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|First flight||July 1914|
The Morane-Saulnier T was a bomber aircraft developed in France in 1914 and produced in small numbers during World War I. It was a large, five-bay biplane of conventional configuration, with unstaggered wings of equal span. The conical rear fuselage and large triangular tailfin were reminiscent of a scaled-up version of some Morane-Saulnier fighter designs. The engines were mounted tractor-fashion in streamlined nacelles supported by struts in the interplane gap and the propellers were fitted with large spinners. The undercarriage consisted of two main units, each of which had two wheels joined by a long axle, plus a tailskid and an auxiliary nosewheel. Three open cockpits in tandem were provided: one in the nose for a gunner, and others for the pilot and a second gunner placed further back.
Although designed as a bomber, the French Army ordered the type in 1916 hoping to use it either as a bomber escort or reconnaissance machine. While this order called for 100 aircraft, only a small number were built before production was cancelled.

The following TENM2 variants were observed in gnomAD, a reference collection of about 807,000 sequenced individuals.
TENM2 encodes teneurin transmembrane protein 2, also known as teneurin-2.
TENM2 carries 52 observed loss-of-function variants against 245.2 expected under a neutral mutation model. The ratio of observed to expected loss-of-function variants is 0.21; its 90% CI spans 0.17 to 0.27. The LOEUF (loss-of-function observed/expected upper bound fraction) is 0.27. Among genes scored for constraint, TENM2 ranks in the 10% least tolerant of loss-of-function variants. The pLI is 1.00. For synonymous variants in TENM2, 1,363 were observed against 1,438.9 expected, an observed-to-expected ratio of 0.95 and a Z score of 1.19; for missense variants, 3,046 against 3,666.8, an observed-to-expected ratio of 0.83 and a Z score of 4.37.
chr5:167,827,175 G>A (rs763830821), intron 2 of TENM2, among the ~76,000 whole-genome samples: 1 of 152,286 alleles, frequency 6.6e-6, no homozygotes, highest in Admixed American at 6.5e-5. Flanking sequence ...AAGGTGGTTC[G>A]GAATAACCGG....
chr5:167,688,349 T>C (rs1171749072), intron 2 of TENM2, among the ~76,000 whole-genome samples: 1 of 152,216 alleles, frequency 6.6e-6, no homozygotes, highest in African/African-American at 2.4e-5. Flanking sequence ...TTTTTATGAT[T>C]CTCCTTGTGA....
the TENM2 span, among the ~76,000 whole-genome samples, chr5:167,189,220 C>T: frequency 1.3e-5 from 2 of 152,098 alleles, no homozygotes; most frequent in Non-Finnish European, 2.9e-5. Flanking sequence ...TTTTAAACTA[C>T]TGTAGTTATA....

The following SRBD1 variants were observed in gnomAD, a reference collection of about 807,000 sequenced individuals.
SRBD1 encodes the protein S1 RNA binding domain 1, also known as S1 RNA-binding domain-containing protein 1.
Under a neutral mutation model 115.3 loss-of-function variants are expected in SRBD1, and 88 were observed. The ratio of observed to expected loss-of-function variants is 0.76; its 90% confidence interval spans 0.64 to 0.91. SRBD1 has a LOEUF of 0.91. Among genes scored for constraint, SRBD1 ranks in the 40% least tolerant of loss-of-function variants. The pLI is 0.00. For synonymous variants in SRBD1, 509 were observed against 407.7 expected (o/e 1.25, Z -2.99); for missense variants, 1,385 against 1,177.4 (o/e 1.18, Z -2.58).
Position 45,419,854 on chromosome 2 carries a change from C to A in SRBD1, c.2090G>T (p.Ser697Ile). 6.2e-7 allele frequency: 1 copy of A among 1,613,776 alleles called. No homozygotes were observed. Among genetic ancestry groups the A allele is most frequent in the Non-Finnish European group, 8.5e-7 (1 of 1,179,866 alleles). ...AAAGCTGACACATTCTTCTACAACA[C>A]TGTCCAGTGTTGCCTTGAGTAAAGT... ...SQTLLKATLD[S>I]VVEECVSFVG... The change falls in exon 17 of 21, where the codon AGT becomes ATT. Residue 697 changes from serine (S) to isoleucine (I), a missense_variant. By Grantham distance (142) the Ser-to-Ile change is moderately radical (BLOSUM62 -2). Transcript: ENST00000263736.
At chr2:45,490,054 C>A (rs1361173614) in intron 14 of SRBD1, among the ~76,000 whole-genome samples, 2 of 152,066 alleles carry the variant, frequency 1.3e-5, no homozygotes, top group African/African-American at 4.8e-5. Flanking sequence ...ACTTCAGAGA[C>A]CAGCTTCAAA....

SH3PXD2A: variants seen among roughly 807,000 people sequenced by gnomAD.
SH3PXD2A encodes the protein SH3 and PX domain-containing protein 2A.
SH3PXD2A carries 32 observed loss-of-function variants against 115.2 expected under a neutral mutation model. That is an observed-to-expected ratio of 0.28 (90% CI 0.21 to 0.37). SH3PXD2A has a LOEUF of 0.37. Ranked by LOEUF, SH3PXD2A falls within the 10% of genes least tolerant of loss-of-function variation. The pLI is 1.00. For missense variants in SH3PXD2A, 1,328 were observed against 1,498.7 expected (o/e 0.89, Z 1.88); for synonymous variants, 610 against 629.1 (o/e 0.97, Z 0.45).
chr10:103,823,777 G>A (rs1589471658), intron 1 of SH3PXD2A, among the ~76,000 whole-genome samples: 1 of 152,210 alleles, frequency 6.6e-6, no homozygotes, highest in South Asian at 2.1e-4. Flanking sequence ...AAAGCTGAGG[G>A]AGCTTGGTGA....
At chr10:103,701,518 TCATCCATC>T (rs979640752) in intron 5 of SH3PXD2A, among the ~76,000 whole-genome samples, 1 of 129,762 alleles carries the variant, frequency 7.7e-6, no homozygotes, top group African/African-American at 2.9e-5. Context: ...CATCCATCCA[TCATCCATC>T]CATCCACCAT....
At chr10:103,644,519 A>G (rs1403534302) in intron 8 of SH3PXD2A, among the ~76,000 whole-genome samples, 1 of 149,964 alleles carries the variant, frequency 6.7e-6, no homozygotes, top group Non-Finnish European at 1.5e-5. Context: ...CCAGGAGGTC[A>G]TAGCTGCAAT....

Data from Jane's Fighting Aircraft of World War I, 117
- Crew: Three, pilot and two gunners
- Wingspan: 17.65 m (57 ft 11 in)
- Powerplant: 2 × Le Rhône, 60 kW (80 hp) each
- Maximum speed: 156 km/h (97 mph)
- Service ceiling: 4,500 m (15,000 ft)
- Taylor 1989, 685
- The Illustrated Encyclopedia of Aircraft, 2540
- Jane's Fighting Aircraft of World War I, 117
|Wikimedia Commons has media related to Morane-Saulnier.|
- The Illustrated Encyclopedia of Aircraft. London: Aerospace Publishing.
- Jane's Fighting Aircraft of World War I. London: Studio Editions. 2001.
- Taylor, Michael J. H. (1989). Jane's Encyclopedia of Aviation. London: Studio Editions.